Gower's Jews.

Yeager, R. F.

Gower's Jews.

Yeager, R.F. "Gower's Jews." In Russell A. Peck and R. F. Yeager, eds. John Gower: Others and the Self. Publications of the John Gower Society XI (Cambridge: D.S. Brewer, 2017), pp. 185-203.

Gower was not preoccupied with the Jews. In all his vast trilingual corpus, fewer than 300 lines refer to Jewish people per se, "of which 122 make up the 'Tale of the Jew and the Pagan'," the primary focus of Yeager's analysis (184, referring to CA VII.3207*-3329*). The tale is anti-Semitic by any standard. Although unschooled by true religion, the pagan follows the law of nature by helping his fellow human, while the Jew observes Jewish law by helping only himself and his fellow Jew. The story presents an analogue to the parable of the Good Samaritan, where the Samaritan (a religious outcast, a sort of pagan) shows himself superior in compassion to the (obviously Jewish) priest and Levite (188-90). In both stories, however, it is only the wrongful exercise of free will "[that] makes a Jew, not ethnicity or genealogy" (190). Gower's work is notably devoid of the usual medieval tropes on Jewish people as condemned by mere fact of birth to "societal detrimentality, physical deformity, monstrosity or bodily filth" (191). Intriguingly, the story appears only in a group of manuscripts evidently designed for Henry IV (193-94). According to St. Augustine, the Jewish people were kept alive for a reason, and a few would be converted, so all must be treated fairly (195-96). The "Jew and the Pagan" appears in a discussion of "pity," a virtue the poet was especially concerned to promote in Henry (199). Also, Gower may have wished to encourage the new king in supporting London's "domus conversorum," a refuge for converted Jews that must have been familiar to Gower (197, 202). [LBB. Copyright. John Gower Society. JGN 36.2].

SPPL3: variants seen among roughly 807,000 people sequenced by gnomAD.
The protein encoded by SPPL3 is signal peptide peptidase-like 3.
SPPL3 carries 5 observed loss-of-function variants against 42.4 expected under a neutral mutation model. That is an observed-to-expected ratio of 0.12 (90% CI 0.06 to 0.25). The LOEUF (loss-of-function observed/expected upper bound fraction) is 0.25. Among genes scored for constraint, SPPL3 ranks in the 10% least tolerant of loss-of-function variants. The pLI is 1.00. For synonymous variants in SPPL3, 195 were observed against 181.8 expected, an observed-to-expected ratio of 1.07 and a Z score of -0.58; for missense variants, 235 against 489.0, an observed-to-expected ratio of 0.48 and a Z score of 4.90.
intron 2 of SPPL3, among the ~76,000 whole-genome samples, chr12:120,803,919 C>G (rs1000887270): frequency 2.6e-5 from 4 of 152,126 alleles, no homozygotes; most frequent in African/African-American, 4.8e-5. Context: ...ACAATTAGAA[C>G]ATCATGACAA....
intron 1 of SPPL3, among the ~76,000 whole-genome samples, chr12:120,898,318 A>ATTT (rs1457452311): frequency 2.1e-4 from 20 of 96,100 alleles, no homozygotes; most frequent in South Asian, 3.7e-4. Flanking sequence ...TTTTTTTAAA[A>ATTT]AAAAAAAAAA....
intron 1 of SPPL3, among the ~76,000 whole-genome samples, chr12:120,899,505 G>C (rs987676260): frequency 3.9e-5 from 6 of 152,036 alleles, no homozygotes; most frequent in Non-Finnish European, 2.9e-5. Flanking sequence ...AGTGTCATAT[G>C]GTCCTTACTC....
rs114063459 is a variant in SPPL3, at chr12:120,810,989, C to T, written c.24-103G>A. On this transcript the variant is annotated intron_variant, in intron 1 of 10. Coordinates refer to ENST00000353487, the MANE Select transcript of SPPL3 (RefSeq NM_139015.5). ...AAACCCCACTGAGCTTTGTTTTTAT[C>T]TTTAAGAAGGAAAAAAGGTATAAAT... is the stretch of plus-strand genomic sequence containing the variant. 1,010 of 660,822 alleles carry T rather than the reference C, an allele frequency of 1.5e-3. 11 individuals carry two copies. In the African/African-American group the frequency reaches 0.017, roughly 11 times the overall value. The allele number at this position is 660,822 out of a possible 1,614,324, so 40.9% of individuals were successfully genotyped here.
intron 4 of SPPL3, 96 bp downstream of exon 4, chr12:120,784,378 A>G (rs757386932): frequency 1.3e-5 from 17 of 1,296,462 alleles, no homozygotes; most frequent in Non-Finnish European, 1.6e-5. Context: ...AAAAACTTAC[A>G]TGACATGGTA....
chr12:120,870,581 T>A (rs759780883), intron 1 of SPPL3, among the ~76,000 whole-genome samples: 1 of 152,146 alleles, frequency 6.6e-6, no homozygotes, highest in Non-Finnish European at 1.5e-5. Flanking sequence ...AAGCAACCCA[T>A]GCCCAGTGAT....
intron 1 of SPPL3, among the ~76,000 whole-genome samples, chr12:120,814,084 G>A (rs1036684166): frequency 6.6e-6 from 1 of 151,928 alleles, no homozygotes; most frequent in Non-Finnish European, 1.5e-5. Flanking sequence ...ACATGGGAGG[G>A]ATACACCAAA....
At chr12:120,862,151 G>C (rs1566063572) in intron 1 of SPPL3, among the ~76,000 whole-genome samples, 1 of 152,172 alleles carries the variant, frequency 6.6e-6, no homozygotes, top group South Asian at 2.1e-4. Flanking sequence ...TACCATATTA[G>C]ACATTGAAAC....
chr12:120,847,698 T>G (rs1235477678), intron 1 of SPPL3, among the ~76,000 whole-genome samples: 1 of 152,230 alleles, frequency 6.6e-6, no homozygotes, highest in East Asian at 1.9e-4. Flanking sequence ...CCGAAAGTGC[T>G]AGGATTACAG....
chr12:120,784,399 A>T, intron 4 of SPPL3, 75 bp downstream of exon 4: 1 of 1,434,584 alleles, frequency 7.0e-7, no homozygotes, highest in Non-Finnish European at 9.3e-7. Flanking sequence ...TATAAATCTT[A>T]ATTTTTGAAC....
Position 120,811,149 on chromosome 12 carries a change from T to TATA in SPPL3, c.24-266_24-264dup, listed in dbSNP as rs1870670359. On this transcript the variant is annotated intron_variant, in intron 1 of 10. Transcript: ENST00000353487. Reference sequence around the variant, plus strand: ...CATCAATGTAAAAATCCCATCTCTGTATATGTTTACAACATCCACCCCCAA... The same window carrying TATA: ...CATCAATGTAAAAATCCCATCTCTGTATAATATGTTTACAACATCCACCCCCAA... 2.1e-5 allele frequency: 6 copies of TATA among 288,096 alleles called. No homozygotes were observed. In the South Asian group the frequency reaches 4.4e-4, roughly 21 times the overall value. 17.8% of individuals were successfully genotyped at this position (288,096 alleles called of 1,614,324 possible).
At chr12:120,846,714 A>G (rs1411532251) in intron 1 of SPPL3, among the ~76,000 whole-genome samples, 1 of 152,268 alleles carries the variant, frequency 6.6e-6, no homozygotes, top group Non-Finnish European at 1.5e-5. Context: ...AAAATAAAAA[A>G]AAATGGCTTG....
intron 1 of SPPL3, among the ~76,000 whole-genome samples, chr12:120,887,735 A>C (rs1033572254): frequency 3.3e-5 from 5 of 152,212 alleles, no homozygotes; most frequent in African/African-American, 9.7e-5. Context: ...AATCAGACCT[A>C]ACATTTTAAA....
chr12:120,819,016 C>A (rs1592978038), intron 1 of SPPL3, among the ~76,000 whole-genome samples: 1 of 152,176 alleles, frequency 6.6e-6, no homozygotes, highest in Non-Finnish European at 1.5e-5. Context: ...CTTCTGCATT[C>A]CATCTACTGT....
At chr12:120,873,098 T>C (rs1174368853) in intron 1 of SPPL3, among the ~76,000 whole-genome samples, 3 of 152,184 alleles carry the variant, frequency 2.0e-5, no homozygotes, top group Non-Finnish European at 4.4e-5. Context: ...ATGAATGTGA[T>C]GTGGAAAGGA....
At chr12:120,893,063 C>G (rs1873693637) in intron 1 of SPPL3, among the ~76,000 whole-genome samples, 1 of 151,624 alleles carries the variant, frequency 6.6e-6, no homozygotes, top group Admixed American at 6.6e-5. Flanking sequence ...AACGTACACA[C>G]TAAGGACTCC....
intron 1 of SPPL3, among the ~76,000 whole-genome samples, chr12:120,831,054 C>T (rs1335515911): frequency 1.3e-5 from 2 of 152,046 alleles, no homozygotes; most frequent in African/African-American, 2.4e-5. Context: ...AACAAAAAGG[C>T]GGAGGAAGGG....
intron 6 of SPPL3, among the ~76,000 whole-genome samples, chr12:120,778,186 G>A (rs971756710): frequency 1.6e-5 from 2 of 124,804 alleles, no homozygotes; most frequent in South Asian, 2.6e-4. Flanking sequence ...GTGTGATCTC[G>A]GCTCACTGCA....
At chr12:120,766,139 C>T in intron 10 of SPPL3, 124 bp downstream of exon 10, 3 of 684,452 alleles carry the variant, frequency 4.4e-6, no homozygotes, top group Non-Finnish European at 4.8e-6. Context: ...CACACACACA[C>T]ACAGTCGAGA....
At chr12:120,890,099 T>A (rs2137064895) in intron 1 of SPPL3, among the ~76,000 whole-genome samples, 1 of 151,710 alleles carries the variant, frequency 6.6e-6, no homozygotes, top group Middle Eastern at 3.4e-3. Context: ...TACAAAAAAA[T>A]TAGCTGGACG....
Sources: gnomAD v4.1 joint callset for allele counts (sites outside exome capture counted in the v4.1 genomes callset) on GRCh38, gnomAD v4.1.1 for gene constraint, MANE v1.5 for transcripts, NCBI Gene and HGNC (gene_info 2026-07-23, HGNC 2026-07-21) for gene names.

Gower Subjects
Confessio Amantis
Sources, Analogues, and Literary Relations
Manuscripts and Textual Studies